Admiral Gene LaRocque (USN, Ret.)

President, Center for Defense Information


Admiral John Shanahan (USN, Ret.)

Director, Center for Defense Information


David T. Johnson


Mark Sugg


Glenn Baker

Jennifer Hazen

Stephen Sapienza


Kathryn Schultz


Stephen Sapienza


Kathryn R. Schultz


Adam Luther


Washington, D.C.




16 February 1997


(Center for Defense Information).

(C) Copyright 1997, Center for Defense Information. All Rights Reserved.

Videotapes also available.

Special funding for this program was provided by the

Nuclear Age Peace Foundation.

"NUCLEAR POWER, NUCLEAR WEAPONS" features commentary from:


Former United Nations' International Atomic Energy Agency Inspector


Nuclear Control Institute


Researcher. Resides near Three Mile Island


Former Nuclear Weapons Designer


Communications Manager, Three Mile Island


NARRATOR: The dawn of the nuclear age changed the dimensions of modern warfare and the world we live in forever. Now that the Cold War has come and gone, we are left with the legacy of our nuclear past and the uncertainty of our future.

How soon could developing nations have nuclear weapons? What threat does nuclear waste present in the food you eat? Could our own nuclear power reactors become potentially devastating terrorist weapons?

"AMERICA'S DEFENSE MONITOR" presents a three-part series: Nuclear Dangers in our Midst. Discover what every American citizen needs to know about vital nuclear issues. This week on "AMERICA'S DEFENSE MONITOR" --

PAUL LEVENTHAL: One truck bomb attack against a US nuclear power plant could really change the course of history of this country, in terms of what the potential consequences are. You could have Chernobyl-type consequences or worse from that kind of an accident. And therefore, you have to protect against it.

Universal Newsreel Announcer: "Scientists of many nations -- American, British, Canadian and those driven from their homes by Nazi persecution --have perfected the atomic bomb, the most astounding development of scientific history. At the University of California, in absolute secrecy, Dr. Ernest O. Lawrence experimented with the cyclotron. Such work as his led to the splitting of the uranium atom, force of the atomic bomb.

"The energy that generates the heat of the sun and operates the solar system comes under the will of humankind."

NARRATOR: The energy produced by splitting atoms was first used to make weapons. Later, this energy was harnessed to provide electricity. Under the 1953 Atoms for Peace Initiative, launched by President Eisenhower, the United States promised to share the benefits of atomic power with the world.

President DWIGHT D. EISENHOWER (UN Speech, December 1953): "The United States would be more than willing, it would be proud to take up with others principally involved the development of plans whereby such peaceful use of atomic energy would be expedited."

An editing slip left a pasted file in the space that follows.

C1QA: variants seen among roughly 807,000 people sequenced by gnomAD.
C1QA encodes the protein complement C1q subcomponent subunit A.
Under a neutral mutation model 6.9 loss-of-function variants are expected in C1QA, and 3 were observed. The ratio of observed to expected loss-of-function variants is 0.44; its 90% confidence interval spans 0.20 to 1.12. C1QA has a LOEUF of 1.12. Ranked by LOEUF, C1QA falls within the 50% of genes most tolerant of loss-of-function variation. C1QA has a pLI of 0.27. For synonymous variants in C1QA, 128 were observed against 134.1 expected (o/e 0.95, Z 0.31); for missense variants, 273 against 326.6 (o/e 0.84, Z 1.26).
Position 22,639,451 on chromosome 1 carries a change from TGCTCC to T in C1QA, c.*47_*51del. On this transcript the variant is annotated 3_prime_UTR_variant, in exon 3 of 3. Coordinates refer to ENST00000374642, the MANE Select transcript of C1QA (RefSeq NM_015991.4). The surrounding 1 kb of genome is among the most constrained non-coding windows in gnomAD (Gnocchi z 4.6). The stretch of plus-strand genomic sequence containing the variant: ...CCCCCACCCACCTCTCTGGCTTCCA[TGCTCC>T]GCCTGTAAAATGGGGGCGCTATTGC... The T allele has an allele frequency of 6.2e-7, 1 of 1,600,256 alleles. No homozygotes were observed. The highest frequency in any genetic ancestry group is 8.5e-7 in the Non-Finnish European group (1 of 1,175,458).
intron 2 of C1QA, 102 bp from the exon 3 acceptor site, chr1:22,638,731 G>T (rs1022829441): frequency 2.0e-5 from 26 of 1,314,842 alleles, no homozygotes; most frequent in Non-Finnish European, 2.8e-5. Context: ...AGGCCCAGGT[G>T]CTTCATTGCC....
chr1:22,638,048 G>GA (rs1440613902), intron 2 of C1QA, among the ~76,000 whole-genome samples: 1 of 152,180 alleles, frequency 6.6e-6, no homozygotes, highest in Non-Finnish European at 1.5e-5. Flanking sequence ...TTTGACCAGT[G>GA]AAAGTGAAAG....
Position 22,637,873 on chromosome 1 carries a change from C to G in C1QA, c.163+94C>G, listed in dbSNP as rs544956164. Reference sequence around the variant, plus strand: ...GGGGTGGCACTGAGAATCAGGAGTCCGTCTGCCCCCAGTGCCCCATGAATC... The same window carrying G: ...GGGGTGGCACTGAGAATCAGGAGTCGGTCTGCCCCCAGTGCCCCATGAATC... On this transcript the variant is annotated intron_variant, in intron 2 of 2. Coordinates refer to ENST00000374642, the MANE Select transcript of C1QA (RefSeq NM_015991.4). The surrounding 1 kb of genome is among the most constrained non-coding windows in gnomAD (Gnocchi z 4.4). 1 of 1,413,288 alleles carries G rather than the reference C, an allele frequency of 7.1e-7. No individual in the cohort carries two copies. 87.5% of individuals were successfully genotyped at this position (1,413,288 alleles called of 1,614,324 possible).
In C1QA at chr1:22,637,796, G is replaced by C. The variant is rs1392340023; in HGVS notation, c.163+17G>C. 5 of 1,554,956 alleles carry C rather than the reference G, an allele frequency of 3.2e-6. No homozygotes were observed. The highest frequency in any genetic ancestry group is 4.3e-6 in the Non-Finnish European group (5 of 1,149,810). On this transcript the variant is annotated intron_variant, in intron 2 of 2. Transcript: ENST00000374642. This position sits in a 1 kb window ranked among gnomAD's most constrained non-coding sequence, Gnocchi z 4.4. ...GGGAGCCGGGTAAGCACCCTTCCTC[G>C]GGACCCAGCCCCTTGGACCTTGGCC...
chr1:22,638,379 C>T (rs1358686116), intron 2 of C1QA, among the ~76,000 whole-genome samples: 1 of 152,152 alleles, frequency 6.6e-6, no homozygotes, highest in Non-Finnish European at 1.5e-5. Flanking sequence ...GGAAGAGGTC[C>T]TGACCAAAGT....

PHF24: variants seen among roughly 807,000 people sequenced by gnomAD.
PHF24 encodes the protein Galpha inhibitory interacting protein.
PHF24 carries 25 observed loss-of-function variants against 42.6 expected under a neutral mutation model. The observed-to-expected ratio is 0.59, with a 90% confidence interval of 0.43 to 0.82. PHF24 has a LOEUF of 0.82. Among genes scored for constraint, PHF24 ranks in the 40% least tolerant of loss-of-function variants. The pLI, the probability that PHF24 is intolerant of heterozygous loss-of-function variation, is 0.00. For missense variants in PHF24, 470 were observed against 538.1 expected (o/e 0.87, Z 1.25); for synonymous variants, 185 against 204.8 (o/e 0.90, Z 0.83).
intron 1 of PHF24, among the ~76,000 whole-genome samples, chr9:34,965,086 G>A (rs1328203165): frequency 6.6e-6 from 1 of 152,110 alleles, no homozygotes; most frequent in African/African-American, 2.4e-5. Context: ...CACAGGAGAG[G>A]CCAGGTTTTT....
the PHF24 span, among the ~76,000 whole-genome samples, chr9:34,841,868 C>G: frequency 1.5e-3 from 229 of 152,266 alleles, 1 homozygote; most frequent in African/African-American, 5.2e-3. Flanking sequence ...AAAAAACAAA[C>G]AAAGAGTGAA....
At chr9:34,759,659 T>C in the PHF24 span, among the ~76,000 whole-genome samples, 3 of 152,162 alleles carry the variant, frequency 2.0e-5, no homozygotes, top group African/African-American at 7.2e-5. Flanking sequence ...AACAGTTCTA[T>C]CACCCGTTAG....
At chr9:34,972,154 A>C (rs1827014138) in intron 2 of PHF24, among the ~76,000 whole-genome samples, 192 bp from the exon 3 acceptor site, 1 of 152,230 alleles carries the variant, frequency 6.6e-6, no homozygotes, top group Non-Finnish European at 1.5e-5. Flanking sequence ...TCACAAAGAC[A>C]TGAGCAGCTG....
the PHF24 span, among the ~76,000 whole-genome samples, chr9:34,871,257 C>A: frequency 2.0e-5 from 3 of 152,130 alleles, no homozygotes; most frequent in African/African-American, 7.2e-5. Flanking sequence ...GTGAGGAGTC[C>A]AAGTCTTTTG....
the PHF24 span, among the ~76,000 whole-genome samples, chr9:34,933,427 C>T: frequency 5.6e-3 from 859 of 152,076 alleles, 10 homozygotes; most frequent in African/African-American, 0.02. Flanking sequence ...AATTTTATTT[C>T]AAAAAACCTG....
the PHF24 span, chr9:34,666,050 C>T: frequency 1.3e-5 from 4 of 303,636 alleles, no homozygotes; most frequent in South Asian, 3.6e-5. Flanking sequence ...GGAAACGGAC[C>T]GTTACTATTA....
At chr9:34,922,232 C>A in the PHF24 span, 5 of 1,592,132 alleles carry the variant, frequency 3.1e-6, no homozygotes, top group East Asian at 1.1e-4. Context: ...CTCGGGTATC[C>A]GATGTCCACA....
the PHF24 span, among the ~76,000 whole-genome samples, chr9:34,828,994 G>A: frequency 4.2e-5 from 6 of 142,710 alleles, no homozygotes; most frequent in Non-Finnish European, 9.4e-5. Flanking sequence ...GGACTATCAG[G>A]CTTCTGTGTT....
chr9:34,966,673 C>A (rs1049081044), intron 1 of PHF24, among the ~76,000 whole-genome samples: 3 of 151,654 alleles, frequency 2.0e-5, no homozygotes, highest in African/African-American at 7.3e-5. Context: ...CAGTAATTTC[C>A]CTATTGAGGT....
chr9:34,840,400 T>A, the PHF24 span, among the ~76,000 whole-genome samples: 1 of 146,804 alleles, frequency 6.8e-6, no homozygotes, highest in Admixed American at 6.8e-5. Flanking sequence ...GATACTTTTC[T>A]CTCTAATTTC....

NARRATOR: There are now more than 400 operating nuclear power plants, plus numerous research reactors in 58 countries around the world. Any one of these countries, if determined to do so, could launch a nuclear weapons program.

Equally troublesome is the fact that every nuclear reactor and every site at which plutonium and highly enriched uranium are present is potentially a military or terrorist target. Sabotage or attack could cause a meltdown like Chernobyl, or worse.

If a country wants to begin a secret nuclear weapons program, civilian nuclear power is the place to start.

DAVID KAY: Much of the technology, the education, the equipment that you'd want to acquire can be acquired as if you were using it for your civilian program.

NARRATOR: David Kay spent eight years as an inspector with the United Nations' International Atomic Energy Agency, or IAEA, which is charged with both promoting nuclear power and ensuring that these technologies and materials are not diverted to military applications.

Mr. KAY: If you look, for example, at Indonesia, which is interested in obtaining nuclear power -- I have no doubt that Indonesians is facing a serious energy problem, electricity problem. Asia is booming. So, I think that is not a cover for a military program.

If you look at Iran, Iran flares natural gas, huge quantities of natural gas day every day. They certainly don't have an energy problem, they have a military program that they're using a civilian program as a cover on.

NARRATOR: Iraq used its nuclear power program as cover for its secret nuclear weapons program. David Kay led one of the inspection teams that went into Iraq after the Gulf War. The ensuing four-day parking lot standoff garnered international attention.

Mr. KAY: Well, that particular inspection mission, we had information that indicated where the exact plans, the paper documents for the Iraqi program. And to put it in context, up to that point the Iraqis were denying that they ever had a nuclear weapons program. They were saying it was a figment of the imagination of the United States, it was trying to persecute them.